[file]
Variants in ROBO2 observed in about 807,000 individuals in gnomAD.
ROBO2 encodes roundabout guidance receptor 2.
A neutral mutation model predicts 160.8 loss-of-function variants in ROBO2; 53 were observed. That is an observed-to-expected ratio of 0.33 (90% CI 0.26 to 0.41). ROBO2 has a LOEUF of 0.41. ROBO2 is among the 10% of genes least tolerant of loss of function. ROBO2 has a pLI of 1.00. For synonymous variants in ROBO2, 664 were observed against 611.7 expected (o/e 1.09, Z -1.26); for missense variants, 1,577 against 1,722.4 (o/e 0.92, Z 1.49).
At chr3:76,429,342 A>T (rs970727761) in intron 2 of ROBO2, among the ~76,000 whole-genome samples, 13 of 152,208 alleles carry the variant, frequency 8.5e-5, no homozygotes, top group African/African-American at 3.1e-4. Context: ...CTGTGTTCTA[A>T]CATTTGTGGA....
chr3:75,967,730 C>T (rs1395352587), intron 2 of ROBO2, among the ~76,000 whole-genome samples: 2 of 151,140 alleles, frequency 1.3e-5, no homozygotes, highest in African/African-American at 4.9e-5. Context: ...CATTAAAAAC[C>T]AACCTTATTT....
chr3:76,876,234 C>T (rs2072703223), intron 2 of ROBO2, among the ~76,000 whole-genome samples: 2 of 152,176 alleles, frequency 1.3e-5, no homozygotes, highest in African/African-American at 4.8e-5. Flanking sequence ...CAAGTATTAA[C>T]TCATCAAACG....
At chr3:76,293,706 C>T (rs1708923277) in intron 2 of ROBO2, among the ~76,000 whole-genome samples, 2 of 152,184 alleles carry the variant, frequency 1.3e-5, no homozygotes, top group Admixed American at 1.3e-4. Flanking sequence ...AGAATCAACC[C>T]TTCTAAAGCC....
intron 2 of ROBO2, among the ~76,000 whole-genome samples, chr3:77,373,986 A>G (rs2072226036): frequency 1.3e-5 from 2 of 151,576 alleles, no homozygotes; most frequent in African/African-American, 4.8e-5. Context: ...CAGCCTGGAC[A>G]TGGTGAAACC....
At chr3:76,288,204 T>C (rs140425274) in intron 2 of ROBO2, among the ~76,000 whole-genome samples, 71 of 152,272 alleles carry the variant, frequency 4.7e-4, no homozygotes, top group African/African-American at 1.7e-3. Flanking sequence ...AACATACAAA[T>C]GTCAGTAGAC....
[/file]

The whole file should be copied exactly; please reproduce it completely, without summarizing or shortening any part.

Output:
Variants in ROBO2 observed in about 807,000 individuals in gnomAD.
ROBO2 encodes roundabout guidance receptor 2.
A neutral mutation model predicts 160.8 loss-of-function variants in ROBO2; 53 were observed. That is an observed-to-expected ratio of 0.33 (90% CI 0.26 to 0.41). ROBO2 has a LOEUF of 0.41. ROBO2 is among the 10% of genes least tolerant of loss of function. ROBO2 has a pLI of 1.00. For synonymous variants in ROBO2, 664 were observed against 611.7 expected (o/e 1.09, Z -1.26); for missense variants, 1,577 against 1,722.4 (o/e 0.92, Z 1.49).
At chr3:76,429,342 A>T (rs970727761) in intron 2 of ROBO2, among the ~76,000 whole-genome samples, 13 of 152,208 alleles carry the variant, frequency 8.5e-5, no homozygotes, top group African/African-American at 3.1e-4. Context: ...CTGTGTTCTA[A>T]CATTTGTGGA....
chr3:75,967,730 C>T (rs1395352587), intron 2 of ROBO2, among the ~76,000 whole-genome samples: 2 of 151,140 alleles, frequency 1.3e-5, no homozygotes, highest in African/African-American at 4.9e-5. Context: ...CATTAAAAAC[C>T]AACCTTATTT....
chr3:76,876,234 C>T (rs2072703223), intron 2 of ROBO2, among the ~76,000 whole-genome samples: 2 of 152,176 alleles, frequency 1.3e-5, no homozygotes, highest in African/African-American at 4.8e-5. Flanking sequence ...CAAGTATTAA[C>T]TCATCAAACG....
At chr3:76,293,706 C>T (rs1708923277) in intron 2 of ROBO2, among the ~76,000 whole-genome samples, 2 of 152,184 alleles carry the variant, frequency 1.3e-5, no homozygotes, top group Admixed American at 1.3e-4. Flanking sequence ...AGAATCAACC[C>T]TTCTAAAGCC....
intron 2 of ROBO2, among the ~76,000 whole-genome samples, chr3:77,373,986 A>G (rs2072226036): frequency 1.3e-5 from 2 of 151,576 alleles, no homozygotes; most frequent in African/African-American, 4.8e-5. Context: ...CAGCCTGGAC[A>G]TGGTGAAACC....
At chr3:76,288,204 T>C (rs140425274) in intron 2 of ROBO2, among the ~76,000 whole-genome samples, 71 of 152,272 alleles carry the variant, frequency 4.7e-4, no homozygotes, top group African/African-American at 1.7e-3. Flanking sequence ...AACATACAAA[T>C]GTCAGTAGAC....